HTTPS stands for Hypertext Transfer Protocol Secure which is the encrypted version of HTTP. It is a protocol used for secure communication over the internet. When you visit an HTTPS website, data is encrypted to exchange between your web browser and the website. So your data is confidential from someone else and the data integrity can be ensured.
HTTPS needs a certificate from third-party to secure communication and verify that the website is compliant. This certificate is known as SSL (Secure Socket Layer) certificate. This certificate encrypts a connection and provides another layer of security for sensitive data that
must not be accessed by any attackers. This additional security can be extremely important to protect secret information such as user's identification information, address, credit card number, etc.
HTTPS encryption uses TLS (Transport Layer Security) protocol. It requires private key and public key to encrypt data between two parties. The private key is controlled by the owner of a website. It's used to decrypt the data that is encrypted by a public key. The public key is available to everyone who interacts with the website securely.
Below picture is one example of SSL certificate.
It contains following information.
- The domain name that the certificate was issued for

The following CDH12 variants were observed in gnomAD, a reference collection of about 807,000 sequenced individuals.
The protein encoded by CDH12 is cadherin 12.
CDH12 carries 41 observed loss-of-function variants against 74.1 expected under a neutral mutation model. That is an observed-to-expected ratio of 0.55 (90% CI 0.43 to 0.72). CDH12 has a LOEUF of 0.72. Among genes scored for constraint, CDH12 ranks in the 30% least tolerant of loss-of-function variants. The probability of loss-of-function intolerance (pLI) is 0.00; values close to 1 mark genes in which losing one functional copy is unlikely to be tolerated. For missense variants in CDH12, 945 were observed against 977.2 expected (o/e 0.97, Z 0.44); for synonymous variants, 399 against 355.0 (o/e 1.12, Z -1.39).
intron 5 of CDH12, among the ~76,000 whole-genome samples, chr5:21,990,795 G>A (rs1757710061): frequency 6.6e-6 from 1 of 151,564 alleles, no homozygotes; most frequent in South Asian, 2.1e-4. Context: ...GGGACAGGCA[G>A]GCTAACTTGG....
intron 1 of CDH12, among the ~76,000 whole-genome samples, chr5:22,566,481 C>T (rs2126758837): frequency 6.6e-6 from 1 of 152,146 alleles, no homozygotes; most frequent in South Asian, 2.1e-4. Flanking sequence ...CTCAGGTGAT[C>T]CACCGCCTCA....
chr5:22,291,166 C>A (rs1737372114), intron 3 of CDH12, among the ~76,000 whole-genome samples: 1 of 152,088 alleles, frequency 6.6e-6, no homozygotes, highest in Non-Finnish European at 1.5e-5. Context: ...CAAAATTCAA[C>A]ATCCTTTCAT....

- Where the certificate was issued to
- Which certificate authority issued it
- Issue/Expiration date of the certificate
- The certificate authority's digital signature
- Associated subdomains
- The public key (the private key must not be publicly available)
Once the certificate is issued, installation and activation are necessary on the website's origin server. When it's activated on the server, the website will load over HTTPS and all incoming/outcoming traffic from the website will be encrypted and secure.
Domains need to obtain valid SSL certificate from a certificate authority (CA). A CA is a trusted third SSL certificate provider. The CA will also digitally sign the certificate with their own private key, allowing clients to verify it. Most CAs will charge a fee for issuing an SSL certificate. What Starchart is using is Let's Encrypt which provides SSL certificates for free as a non-profit SSL certificate provider. Both free and paid SSL certificate providers offers all necessary security. You need to choose a provider based on your need. You can read more in this article. A free or a paid SSL certificate - which one is better
To build a website that exchanges critical information such as transaction data, important personal information, etc., HTTPS is mandatory. Although I didn't write any code for certificate related part, Starchart gave me an opportunity to learn more about SSL certificate. I think this is one good aspect about contributing to open source project since I usually build a project on subjects that I'm most familiar with. I'm learning many tech stacks and more detailed knowledges about internet through Starchart.